• Half-hour mud bath and hot-tub soak at Ti Kwen Glo Cho hot springs $10
• Three-and-a-half-hour whale- watching voyage with Anchorage Dive Center $50
• Visit to the cultural village of the original Kalinago islanders $8
Designed for plutocrats but available to all, especially in a recession.
The past year has not been kind to Monaco’s billionaire playboys, who’ve been hit by both the global economic downturn and the elimination of the principality’s status as an international tax haven. Bad news for Prince Albert and pals means good news for visitors, who can latch onto government-subsidized deals like free seven-minute helicopter transfers (typically $120 per person) from Nice (monacoauction.com). They’re part of a worthwhile membership deal called Le Club Diamant Rouge ($85 a year), which includes free entry to the Grand Casino (normally $25) and all museums ($90 value), and discounts on restaurants like Alain Ducasse’s three-Michelin-starred Louis XV. Rates at the five-star, splurge-worthy Hotel Metropole (from $323; metropole.com) have been slashed this year; ditto for the mod newcomer, the Ni Hotel (from $210; nihotel.com). Get dressed up to help celebrate the 100th anniversary of Serge Diaghilev’s esteemed Ballets Russes de Monte Carlo (from $24; performances through January 4), then stay up very late at the soon-to-open Black Legend club (black-legend.com), a slick homage to Motown and seventies funk.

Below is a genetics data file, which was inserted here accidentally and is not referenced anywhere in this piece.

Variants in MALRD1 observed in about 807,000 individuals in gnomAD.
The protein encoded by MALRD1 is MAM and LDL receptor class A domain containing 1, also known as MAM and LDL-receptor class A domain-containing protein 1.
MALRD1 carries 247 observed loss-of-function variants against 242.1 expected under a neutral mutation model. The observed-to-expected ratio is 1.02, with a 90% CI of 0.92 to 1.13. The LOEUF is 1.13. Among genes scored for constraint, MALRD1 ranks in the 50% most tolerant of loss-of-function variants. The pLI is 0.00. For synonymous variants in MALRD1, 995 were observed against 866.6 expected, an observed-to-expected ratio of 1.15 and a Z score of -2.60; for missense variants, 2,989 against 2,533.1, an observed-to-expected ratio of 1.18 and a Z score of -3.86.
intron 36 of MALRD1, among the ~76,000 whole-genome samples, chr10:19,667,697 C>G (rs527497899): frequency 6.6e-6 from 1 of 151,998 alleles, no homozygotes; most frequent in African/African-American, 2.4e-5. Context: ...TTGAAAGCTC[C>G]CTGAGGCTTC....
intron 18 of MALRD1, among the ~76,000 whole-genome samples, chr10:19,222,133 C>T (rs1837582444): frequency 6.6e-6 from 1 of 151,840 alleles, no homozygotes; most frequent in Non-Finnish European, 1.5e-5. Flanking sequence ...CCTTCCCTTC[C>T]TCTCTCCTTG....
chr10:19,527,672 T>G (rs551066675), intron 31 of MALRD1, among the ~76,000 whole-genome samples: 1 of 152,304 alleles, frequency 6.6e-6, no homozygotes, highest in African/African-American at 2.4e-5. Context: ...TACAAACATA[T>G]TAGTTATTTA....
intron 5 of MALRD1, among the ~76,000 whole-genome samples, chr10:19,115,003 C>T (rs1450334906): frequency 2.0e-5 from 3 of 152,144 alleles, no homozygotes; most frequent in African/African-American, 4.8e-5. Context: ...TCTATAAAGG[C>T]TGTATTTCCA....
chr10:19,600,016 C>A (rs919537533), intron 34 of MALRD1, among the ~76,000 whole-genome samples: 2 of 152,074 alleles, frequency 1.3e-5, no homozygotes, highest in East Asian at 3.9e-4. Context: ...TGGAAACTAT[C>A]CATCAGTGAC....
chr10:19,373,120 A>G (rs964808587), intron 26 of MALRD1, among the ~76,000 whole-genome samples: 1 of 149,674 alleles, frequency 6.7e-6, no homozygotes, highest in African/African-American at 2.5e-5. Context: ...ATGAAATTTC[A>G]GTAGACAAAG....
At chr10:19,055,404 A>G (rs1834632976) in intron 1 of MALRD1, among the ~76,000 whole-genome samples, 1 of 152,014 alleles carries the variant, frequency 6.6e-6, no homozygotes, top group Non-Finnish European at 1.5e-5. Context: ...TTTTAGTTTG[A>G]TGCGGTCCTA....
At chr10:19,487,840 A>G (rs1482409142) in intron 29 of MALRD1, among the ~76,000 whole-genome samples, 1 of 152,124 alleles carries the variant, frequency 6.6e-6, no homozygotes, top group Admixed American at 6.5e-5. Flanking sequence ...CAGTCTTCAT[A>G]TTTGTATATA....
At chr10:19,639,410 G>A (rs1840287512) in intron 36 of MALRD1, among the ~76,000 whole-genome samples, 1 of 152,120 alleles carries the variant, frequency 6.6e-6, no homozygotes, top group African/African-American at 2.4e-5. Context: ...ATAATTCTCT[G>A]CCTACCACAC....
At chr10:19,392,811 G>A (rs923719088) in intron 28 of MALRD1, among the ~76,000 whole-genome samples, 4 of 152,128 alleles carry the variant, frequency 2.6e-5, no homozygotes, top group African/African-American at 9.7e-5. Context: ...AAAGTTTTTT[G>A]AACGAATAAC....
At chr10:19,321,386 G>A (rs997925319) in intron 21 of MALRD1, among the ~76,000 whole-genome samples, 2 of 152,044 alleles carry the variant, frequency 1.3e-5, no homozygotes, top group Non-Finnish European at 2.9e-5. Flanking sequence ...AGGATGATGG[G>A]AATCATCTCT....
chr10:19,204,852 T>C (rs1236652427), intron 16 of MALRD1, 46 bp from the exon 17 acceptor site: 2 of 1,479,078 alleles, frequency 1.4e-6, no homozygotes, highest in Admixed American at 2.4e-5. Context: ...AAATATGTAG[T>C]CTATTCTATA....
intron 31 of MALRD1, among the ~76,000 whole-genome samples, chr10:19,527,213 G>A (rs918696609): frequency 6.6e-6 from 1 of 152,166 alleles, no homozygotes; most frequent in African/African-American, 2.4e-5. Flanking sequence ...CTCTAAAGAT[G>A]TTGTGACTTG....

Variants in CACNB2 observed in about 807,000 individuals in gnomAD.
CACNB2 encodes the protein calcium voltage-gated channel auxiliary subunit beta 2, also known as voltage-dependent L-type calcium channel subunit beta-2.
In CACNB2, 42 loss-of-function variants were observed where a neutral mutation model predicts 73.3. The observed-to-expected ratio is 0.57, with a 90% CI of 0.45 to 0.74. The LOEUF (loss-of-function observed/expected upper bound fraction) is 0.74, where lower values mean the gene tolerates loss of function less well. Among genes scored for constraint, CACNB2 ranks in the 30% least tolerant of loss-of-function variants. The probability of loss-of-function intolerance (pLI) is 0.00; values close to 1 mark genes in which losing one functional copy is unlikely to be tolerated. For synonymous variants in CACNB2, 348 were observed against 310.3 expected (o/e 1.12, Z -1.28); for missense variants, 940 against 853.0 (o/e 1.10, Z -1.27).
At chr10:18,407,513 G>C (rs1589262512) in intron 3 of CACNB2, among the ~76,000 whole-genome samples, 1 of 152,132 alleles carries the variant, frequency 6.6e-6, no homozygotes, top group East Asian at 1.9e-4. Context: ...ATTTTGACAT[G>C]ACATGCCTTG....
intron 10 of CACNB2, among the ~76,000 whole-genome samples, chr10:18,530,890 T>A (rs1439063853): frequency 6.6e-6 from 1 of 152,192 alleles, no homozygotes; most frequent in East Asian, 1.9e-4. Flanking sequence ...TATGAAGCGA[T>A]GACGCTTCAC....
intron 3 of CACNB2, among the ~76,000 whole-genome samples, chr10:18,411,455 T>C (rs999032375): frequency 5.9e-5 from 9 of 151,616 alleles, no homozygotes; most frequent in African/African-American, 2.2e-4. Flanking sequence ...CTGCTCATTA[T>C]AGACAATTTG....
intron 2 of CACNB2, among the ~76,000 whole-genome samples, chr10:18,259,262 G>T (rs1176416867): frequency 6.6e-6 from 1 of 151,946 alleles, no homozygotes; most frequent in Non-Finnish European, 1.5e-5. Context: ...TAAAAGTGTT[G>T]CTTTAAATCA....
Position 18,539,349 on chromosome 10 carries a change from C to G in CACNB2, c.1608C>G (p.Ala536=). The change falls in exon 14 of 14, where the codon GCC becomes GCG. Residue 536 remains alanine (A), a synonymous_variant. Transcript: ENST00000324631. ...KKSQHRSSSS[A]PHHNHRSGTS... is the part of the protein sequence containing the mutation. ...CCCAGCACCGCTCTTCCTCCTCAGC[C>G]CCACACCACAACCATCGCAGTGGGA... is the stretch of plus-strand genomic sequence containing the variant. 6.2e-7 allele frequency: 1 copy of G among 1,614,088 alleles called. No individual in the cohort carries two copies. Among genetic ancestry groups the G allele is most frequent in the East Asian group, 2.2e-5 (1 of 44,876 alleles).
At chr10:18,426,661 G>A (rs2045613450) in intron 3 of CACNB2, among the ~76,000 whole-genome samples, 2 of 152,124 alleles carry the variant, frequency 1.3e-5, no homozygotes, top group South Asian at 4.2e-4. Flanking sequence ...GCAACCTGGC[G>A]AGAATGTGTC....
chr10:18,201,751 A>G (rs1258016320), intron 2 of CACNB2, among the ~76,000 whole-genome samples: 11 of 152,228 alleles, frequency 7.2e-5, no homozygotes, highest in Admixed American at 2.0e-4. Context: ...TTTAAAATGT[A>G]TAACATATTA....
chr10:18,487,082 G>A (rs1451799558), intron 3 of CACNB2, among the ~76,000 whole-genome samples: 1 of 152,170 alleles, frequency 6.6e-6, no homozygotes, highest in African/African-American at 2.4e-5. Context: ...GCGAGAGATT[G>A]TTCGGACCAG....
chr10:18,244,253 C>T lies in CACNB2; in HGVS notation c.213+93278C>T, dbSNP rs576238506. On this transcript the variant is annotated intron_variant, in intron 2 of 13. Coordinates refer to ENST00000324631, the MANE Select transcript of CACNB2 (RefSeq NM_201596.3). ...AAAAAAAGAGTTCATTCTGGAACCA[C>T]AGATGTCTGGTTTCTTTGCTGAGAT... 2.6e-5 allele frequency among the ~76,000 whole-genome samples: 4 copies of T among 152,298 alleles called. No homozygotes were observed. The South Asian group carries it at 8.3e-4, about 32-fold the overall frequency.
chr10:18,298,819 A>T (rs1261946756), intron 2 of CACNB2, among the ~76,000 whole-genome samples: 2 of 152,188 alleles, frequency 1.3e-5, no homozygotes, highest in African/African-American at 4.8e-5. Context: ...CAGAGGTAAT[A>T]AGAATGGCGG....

• Afternoon snack of barbagiuans (fried dumplings stuffed with Swiss chard and Parmesan) at Maison Mullot bakery $3
• Daily Peugeot scooter rental at Holiday Bikes $37
• Two-hour make-your-own-perfume workshop at the Studio des Fragrances in Grasse $67
Cape Town, South Africa
A big hotel buildup in advance of the World Cup translates to airfare- offsetting winter discounts.
As it prepares to be overrun by soccer mobs during next summer’s World Cup, Cape Town is suddenly overwhelmed with high-end hotels in early trial mode. Properties like the oceanfront New Kings (from $210; newkingshotel.com), the boutique Cape Royale (from $308; caperoyale.co.za), and the centrally located 15 on Orange (from $332; africanpridehotels.com; opening December) currently cost a fraction of what they’ll be next June. The nightly savings will help make up for the four-figure airfares, as will the everyday cheapness of Africa’s most cosmopolitan city. After you’ve checked in, take the $21 cable car to the top of Table Mountain and grab a bird’s-eye view of the entire city. Down below, in Woodstock, is a booming art district, with galleries and boutiques filling the Old Biscuit Mill (theoldbiscuitmill.co.za). At the South African National Gallery, a retrospective of local architect Jo Noero traces South Africa’s monumental changes over the past three decades (ends November 30; iziko.org.za). Trendy Long Street gets the art-house crowd, with movies and martinis at the rooftop bar of the Grand Daddy hotel (granddaddy.co.za). Sample some of the city’s iconic street food—the curry-stuffed bread loaf known as bunny chow—next door at the Quarter (021-424-1175), which upgrades their version with delicacies like garlic mussels and venison.
• Scenic train ride to see wild penguins at Simon’s Point $3.40
• Sunday-evening rock and pop concerts at Kirstenbosch National Botanical Gardens $12.90
• Monthly sunset-watching parties atop Lion’s Head mountain free